In all the commentary on the Qantas dispute, perhaps the most salient point was raised by journalist Claire Harvey. She was on the Meet the Press panel on Channel Ten, where the principal guest was the Workplace Relations Minister, Senator Chris Evans. Discussion soon turned to the issue of job security.
There are numerous disputes between several trade unions and Qantas management over a range of issues. However, the gist of the various disagreements turns on the assertion by Qantas’s management of its right to manage and the demand by trade union leaders that their members should enjoy job security.
This is an unusual industrial dispute in that pay is not the principal driver.
About halfway through the interview, Harvey asked the telling question: ”How can any private company guarantee job security into the future? Isn’t that an impossibility?” To which Senator Evans replied: ”Look, I think that’s right. I think Qantas are saying that they’re under commercial pressure to change their business.”
Evans went on to refine his answer. He declared that ”the 30,000-odd employees of Qantas have a right to pursue their job security”. The minister added that ”those clashing objectives . . . have to be resolved by either negotiation or before Fair Work Australia”.
The problem with the second half of Evans’s answer is that it completely contradicted the initial response.
The fact is that, in an increasingly globalised world, it is impossible for a private company, such as Qantas, to guarantee job security.
Only the public sector – where employment is funded by the taxpayer – can deliver permanency in employment.
Qantas is an international airline competing on the world markets in an industry that historically returns small profits on funds invested. It cannot guarantee jobs without inhibiting its business operations.
Trade unions – representing pilots, engineers or baggage handlers – cannot prevail in the face of this economic fact of life. Nor can tribunals such as Fair Work Australia.
If the Qantas dispute is not settled by negotiation between the parties and it goes to arbitration, Fair Work Australia cannot guarantee job security.
It’s possible that Fair Work Australia’s tribunal, which is comprised primarily of former barristers and one-time trade union officials, might direct Qantas to preserve jobs in Australia. However, it cannot deliver on such a ruling since no tribunal can stop any business from scaling back on employment or going out of business due to its inability to compete on world markets.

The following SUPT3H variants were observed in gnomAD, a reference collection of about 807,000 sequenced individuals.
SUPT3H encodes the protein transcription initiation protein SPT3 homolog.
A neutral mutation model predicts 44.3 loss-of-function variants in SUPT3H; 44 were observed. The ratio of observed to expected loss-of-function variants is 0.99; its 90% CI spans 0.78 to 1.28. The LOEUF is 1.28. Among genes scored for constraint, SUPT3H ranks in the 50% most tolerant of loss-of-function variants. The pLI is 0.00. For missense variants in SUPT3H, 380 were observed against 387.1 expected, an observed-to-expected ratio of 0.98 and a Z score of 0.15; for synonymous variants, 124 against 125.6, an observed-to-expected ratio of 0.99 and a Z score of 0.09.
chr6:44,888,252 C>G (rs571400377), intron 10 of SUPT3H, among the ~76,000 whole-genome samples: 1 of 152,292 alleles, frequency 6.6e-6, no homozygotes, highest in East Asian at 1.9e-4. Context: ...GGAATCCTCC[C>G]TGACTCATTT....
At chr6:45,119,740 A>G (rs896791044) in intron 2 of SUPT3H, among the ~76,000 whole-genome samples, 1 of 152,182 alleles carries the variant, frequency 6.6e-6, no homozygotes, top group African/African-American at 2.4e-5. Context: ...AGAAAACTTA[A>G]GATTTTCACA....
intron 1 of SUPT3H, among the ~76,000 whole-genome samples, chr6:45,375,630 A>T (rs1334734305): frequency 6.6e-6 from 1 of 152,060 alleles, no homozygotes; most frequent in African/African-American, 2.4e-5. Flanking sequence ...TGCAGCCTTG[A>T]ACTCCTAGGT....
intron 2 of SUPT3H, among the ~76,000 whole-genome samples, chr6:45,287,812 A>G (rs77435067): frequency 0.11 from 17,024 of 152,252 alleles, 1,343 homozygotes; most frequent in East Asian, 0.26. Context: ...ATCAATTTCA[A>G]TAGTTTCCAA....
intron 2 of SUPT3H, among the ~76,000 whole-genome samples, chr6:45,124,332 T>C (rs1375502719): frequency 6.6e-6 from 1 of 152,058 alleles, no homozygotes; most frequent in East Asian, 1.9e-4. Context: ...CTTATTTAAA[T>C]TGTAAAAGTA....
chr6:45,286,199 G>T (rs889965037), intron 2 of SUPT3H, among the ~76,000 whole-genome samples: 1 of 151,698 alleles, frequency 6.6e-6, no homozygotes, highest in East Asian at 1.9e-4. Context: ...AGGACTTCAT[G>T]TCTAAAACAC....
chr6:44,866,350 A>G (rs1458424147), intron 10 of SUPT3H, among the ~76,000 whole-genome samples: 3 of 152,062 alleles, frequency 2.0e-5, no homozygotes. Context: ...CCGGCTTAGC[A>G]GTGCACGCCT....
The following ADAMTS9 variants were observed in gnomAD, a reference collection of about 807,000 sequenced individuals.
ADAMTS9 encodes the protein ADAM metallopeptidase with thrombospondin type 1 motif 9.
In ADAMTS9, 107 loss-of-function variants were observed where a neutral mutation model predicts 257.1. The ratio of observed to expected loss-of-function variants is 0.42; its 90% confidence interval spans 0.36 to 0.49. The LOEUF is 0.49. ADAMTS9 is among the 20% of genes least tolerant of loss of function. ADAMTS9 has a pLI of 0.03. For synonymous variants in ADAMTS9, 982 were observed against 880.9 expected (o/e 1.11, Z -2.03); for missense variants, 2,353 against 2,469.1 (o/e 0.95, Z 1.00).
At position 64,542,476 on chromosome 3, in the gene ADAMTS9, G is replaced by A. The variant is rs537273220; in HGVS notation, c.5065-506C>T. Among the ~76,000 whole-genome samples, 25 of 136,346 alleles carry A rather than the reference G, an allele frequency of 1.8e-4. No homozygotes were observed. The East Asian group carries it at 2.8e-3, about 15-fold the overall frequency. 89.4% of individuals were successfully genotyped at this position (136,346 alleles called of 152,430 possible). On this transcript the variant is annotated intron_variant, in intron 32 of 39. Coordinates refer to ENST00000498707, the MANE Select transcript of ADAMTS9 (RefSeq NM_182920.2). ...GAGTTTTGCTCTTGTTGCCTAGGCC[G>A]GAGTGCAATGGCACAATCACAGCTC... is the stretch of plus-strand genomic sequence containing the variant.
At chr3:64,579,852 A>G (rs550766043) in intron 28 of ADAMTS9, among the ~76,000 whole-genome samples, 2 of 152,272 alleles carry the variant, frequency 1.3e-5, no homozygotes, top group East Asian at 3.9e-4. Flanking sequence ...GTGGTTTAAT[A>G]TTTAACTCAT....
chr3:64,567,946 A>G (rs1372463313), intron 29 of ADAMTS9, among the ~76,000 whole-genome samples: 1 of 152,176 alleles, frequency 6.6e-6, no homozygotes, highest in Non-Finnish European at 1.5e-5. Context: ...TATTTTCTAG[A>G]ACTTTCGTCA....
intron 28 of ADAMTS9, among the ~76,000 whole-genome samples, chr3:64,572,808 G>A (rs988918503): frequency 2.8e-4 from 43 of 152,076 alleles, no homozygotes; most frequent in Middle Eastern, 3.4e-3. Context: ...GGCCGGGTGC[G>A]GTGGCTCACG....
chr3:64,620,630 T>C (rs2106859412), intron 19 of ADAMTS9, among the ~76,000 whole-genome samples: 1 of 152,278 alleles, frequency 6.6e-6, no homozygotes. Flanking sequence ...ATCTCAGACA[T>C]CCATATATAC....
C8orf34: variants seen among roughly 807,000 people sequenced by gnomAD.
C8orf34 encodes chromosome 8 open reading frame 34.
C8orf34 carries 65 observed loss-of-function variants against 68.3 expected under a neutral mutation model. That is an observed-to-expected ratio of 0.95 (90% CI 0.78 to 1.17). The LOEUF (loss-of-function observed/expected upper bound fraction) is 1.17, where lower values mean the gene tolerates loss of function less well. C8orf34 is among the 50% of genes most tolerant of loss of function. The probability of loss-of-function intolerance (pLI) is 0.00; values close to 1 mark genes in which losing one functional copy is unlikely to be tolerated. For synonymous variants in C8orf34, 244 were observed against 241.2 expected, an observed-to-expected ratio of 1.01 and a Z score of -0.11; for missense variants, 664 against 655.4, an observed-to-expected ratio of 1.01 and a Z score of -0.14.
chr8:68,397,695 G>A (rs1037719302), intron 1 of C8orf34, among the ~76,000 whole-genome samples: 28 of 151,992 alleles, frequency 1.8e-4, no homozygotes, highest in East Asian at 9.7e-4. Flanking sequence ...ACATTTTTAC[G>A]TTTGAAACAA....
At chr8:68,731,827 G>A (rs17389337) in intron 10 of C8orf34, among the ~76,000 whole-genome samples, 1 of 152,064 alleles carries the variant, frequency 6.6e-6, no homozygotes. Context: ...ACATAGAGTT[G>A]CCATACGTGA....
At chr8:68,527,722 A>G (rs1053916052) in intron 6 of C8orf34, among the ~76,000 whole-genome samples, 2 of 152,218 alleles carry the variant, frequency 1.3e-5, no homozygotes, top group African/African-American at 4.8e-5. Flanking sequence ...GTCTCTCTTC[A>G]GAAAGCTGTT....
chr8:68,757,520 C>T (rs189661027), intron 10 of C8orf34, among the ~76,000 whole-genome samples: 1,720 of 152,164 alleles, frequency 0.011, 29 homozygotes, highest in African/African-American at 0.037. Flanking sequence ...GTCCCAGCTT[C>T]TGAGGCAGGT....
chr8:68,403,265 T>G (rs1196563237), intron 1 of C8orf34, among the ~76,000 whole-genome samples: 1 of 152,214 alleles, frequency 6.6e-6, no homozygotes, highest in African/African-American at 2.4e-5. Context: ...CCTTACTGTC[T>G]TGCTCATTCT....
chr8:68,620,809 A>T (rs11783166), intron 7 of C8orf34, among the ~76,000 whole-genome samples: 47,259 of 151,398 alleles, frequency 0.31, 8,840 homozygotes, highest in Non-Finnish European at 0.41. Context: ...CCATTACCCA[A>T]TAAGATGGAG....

On ABC TV news on Friday, the serial shareholder media tart Jack Tilburn got prime coverage when he declared outside the Qantas annual general meeting: ”The workers aren’t getting proper salaries and wages and conditions. They’re being strangled, they’re being bulldozed, they’re being knocked over.”
Tilburn ended up talking of himself in the third person when he said about Qantas: ”It’s a board of dictators, says Jack Tilburn, not a board of directors.”
The fact is that Qantas pilots, engineers and baggage handlers enjoy some of the best pay and conditions in the international airline industry.
And that is precisely why Qantas management cannot guarantee that all future employees in all Qantas businesses can be remunerated at similar rates.
Journalists and editors should know this better than anyone. There is no job security in the Australian media industry – outside the taxpayer-funded ABC.
Likewise, there is no job security in financial services or retail or agriculture or construction or even mining.
No private industry that competes in the marketplace can guarantee job security.
However well-meaning, governments cannot prevail against markets.
It is not surprising that the Gillard government’s decision to re-regulate the labour market under the Fair Work Act has been accompanied by an increase in unemployment and part-time and casual employment.
The Herald’s economics correspondent, Peter Martin, in his analysis of the recent Bureau of Statistics figures commented that ”Australia has created so few jobs in the past three months that at the present rate it would take a quarter of a century to reach the 500,000 promised in the federal budget”.
In April, Julia Gillard delivered a significant speech to The Sydney Institute on the dignity of work. Her message was that it was in the interests of all Australians that the long-term unemployed should find jobs. Good point. The problem with the Prime Minister’s address was that it focused on only one side of the problem.
Sure, the unemployed should be encouraged to work. But who is going to give them a job, particularly full-time employment?
Here the unfair dismissal laws provide a real disincentive for small business operators to give a long-term welfare recipient a job. Why should anyone take such a risk if the government makes it harder to terminate employees for poor performance? Fine sentiments do not make, or retain, a job.
Gerard Henderson is executive director of The Sydney Institute.